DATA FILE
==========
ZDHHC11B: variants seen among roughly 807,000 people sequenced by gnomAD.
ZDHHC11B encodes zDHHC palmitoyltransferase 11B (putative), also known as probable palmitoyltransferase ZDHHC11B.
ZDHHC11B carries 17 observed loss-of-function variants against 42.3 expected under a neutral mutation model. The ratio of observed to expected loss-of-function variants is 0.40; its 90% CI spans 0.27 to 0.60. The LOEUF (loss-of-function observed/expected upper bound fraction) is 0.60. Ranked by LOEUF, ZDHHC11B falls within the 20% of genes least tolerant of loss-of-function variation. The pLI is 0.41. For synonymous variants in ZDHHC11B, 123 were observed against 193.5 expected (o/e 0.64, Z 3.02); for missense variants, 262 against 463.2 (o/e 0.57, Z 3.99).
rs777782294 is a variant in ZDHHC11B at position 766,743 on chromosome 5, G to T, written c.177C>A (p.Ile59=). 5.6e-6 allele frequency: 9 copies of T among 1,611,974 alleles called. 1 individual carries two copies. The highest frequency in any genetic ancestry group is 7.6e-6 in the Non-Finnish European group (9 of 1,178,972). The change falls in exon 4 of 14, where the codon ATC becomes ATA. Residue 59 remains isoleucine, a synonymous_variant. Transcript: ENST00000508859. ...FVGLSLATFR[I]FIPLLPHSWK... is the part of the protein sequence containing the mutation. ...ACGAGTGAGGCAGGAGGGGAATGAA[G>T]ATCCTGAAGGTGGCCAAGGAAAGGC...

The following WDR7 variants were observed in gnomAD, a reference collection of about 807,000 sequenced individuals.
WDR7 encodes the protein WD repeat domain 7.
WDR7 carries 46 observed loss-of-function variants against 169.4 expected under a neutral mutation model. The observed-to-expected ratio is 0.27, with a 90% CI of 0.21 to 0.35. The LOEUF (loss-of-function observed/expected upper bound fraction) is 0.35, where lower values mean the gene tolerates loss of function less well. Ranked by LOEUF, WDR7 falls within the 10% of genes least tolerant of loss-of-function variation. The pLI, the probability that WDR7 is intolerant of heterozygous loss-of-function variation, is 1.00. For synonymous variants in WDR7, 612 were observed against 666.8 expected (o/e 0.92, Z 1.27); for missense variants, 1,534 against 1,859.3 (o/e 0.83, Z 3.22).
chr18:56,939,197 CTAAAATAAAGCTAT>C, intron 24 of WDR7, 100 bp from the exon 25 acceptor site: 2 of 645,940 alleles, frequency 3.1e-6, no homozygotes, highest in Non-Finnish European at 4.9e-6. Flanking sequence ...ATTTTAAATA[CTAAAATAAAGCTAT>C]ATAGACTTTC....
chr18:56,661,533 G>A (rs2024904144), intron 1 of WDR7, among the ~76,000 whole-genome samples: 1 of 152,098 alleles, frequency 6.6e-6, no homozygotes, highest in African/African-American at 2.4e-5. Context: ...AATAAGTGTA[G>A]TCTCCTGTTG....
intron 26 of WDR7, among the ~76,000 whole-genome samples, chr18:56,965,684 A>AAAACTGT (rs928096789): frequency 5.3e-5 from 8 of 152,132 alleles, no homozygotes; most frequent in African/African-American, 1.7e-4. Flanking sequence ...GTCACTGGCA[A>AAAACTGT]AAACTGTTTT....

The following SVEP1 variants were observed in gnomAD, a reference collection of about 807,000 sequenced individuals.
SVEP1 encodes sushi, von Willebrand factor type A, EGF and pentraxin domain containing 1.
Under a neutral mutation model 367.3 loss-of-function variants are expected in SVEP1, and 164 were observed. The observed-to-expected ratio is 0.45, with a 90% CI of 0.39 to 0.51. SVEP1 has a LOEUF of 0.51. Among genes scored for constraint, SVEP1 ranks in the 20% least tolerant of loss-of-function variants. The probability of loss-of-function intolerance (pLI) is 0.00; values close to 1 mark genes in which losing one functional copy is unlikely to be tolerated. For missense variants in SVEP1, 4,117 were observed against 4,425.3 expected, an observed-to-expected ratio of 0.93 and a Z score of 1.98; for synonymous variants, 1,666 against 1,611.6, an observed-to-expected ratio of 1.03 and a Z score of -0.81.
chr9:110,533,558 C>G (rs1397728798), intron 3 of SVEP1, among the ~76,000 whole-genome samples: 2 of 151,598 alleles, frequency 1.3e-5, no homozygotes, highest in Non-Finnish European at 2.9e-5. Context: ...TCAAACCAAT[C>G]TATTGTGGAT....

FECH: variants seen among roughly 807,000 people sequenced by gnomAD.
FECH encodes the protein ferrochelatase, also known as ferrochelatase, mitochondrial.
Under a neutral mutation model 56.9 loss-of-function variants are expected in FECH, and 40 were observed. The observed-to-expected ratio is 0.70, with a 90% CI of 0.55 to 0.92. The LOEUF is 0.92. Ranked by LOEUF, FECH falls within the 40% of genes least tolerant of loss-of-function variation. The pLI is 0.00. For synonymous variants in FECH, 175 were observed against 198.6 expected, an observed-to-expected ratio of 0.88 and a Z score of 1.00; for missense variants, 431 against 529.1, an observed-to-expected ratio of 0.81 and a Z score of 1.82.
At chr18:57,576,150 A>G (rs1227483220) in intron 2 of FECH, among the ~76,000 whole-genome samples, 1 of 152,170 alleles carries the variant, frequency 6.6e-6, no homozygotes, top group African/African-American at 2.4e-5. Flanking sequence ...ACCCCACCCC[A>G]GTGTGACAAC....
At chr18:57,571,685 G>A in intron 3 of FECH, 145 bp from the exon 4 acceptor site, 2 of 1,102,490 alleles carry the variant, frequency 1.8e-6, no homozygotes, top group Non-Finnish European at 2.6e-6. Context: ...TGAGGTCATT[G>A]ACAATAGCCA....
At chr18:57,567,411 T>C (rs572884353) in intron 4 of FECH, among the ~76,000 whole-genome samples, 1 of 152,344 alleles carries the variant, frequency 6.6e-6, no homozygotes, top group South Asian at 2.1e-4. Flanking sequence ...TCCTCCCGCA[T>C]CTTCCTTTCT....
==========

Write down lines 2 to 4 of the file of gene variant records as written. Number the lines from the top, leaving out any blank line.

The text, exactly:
ZDHHC11B encodes zDHHC palmitoyltransferase 11B (putative), also known as probable palmitoyltransferase ZDHHC11B.
ZDHHC11B carries 17 observed loss-of-function variants against 42.3 expected under a neutral mutation model. The ratio of observed to expected loss-of-function variants is 0.40; its 90% CI spans 0.27 to 0.60. The LOEUF (loss-of-function observed/expected upper bound fraction) is 0.60. Ranked by LOEUF, ZDHHC11B falls within the 20% of genes least tolerant of loss-of-function variation. The pLI is 0.41. For synonymous variants in ZDHHC11B, 123 were observed against 193.5 expected (o/e 0.64, Z 3.02); for missense variants, 262 against 463.2 (o/e 0.57, Z 3.99).
rs777782294 is a variant in ZDHHC11B at position 766,743 on chromosome 5, G to T, written c.177C>A (p.Ile59=). 5.6e-6 allele frequency: 9 copies of T among 1,611,974 alleles called. 1 individual carries two copies. The highest frequency in any genetic ancestry group is 7.6e-6 in the Non-Finnish European group (9 of 1,178,972). The change falls in exon 4 of 14, where the codon ATC becomes ATA. Residue 59 remains isoleucine, a synonymous_variant. Transcript: ENST00000508859. ...FVGLSLATFR[I]FIPLLPHSWK... is the part of the protein sequence containing the mutation. ...ACGAGTGAGGCAGGAGGGGAATGAA[G>T]ATCCTGAAGGTGGCCAAGGAAAGGC...